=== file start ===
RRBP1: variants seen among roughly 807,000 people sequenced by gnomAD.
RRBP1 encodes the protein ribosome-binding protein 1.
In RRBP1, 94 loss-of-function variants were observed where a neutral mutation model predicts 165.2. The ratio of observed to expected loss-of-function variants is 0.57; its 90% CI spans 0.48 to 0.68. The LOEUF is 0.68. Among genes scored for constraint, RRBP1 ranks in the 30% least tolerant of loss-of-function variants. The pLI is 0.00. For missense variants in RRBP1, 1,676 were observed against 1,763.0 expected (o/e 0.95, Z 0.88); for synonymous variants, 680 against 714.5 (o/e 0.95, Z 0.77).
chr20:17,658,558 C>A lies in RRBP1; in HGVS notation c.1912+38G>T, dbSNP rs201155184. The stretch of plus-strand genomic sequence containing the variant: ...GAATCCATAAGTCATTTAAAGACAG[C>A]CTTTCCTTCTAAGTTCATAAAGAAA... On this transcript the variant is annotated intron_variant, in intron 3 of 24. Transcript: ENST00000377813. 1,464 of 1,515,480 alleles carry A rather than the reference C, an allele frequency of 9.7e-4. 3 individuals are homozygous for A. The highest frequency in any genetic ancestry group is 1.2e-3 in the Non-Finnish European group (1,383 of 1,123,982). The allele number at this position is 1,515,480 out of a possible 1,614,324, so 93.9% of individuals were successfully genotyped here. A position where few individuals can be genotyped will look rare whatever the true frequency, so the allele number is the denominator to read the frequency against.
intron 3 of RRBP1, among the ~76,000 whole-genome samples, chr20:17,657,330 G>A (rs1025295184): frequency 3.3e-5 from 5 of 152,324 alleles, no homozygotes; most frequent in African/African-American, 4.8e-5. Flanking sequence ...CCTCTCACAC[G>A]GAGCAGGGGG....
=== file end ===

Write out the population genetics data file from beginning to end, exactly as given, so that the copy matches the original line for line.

RRBP1: variants seen among roughly 807,000 people sequenced by gnomAD.
RRBP1 encodes the protein ribosome-binding protein 1.
In RRBP1, 94 loss-of-function variants were observed where a neutral mutation model predicts 165.2. The ratio of observed to expected loss-of-function variants is 0.57; its 90% CI spans 0.48 to 0.68. The LOEUF is 0.68. Among genes scored for constraint, RRBP1 ranks in the 30% least tolerant of loss-of-function variants. The pLI is 0.00. For missense variants in RRBP1, 1,676 were observed against 1,763.0 expected (o/e 0.95, Z 0.88); for synonymous variants, 680 against 714.5 (o/e 0.95, Z 0.77).
chr20:17,658,558 C>A lies in RRBP1; in HGVS notation c.1912+38G>T, dbSNP rs201155184. The stretch of plus-strand genomic sequence containing the variant: ...GAATCCATAAGTCATTTAAAGACAG[C>A]CTTTCCTTCTAAGTTCATAAAGAAA... On this transcript the variant is annotated intron_variant, in intron 3 of 24. Transcript: ENST00000377813. 1,464 of 1,515,480 alleles carry A rather than the reference C, an allele frequency of 9.7e-4. 3 individuals are homozygous for A. The highest frequency in any genetic ancestry group is 1.2e-3 in the Non-Finnish European group (1,383 of 1,123,982). The allele number at this position is 1,515,480 out of a possible 1,614,324, so 93.9% of individuals were successfully genotyped here. A position where few individuals can be genotyped will look rare whatever the true frequency, so the allele number is the denominator to read the frequency against.
intron 3 of RRBP1, among the ~76,000 whole-genome samples, chr20:17,657,330 G>A (rs1025295184): frequency 3.3e-5 from 5 of 152,324 alleles, no homozygotes; most frequent in African/African-American, 4.8e-5. Flanking sequence ...CCTCTCACAC[G>A]GAGCAGGGGG....